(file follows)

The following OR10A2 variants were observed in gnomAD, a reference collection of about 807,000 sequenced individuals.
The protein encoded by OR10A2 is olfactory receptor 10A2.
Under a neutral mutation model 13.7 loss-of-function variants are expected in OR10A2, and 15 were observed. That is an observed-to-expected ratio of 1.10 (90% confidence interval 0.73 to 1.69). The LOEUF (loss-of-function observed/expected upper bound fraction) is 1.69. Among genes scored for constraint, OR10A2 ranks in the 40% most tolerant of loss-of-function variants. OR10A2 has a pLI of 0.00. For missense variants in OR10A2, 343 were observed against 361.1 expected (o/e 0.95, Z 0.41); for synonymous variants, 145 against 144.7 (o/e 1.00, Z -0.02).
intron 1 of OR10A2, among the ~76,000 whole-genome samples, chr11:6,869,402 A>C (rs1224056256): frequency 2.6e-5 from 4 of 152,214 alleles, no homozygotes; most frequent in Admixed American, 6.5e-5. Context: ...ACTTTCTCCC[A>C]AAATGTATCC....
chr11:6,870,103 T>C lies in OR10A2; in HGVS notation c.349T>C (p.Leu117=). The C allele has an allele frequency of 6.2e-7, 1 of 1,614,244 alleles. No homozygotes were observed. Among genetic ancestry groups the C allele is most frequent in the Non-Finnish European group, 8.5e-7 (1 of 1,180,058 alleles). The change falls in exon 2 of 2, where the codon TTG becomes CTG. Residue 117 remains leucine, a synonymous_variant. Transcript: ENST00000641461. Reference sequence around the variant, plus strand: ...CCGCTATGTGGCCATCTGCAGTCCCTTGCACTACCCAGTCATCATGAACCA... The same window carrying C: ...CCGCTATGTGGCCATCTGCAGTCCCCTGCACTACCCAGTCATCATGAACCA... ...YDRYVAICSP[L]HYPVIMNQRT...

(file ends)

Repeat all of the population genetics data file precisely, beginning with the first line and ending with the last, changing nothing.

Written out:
The following OR10A2 variants were observed in gnomAD, a reference collection of about 807,000 sequenced individuals.
The protein encoded by OR10A2 is olfactory receptor 10A2.
Under a neutral mutation model 13.7 loss-of-function variants are expected in OR10A2, and 15 were observed. That is an observed-to-expected ratio of 1.10 (90% confidence interval 0.73 to 1.69). The LOEUF (loss-of-function observed/expected upper bound fraction) is 1.69. Among genes scored for constraint, OR10A2 ranks in the 40% most tolerant of loss-of-function variants. OR10A2 has a pLI of 0.00. For missense variants in OR10A2, 343 were observed against 361.1 expected (o/e 0.95, Z 0.41); for synonymous variants, 145 against 144.7 (o/e 1.00, Z -0.02).
intron 1 of OR10A2, among the ~76,000 whole-genome samples, chr11:6,869,402 A>C (rs1224056256): frequency 2.6e-5 from 4 of 152,214 alleles, no homozygotes; most frequent in Admixed American, 6.5e-5. Context: ...ACTTTCTCCC[A>C]AAATGTATCC....
chr11:6,870,103 T>C lies in OR10A2; in HGVS notation c.349T>C (p.Leu117=). The C allele has an allele frequency of 6.2e-7, 1 of 1,614,244 alleles. No homozygotes were observed. Among genetic ancestry groups the C allele is most frequent in the Non-Finnish European group, 8.5e-7 (1 of 1,180,058 alleles). The change falls in exon 2 of 2, where the codon TTG becomes CTG. Residue 117 remains leucine, a synonymous_variant. Transcript: ENST00000641461. Reference sequence around the variant, plus strand: ...CCGCTATGTGGCCATCTGCAGTCCCTTGCACTACCCAGTCATCATGAACCA... The same window carrying C: ...CCGCTATGTGGCCATCTGCAGTCCCCTGCACTACCCAGTCATCATGAACCA... ...YDRYVAICSP[L]HYPVIMNQRT...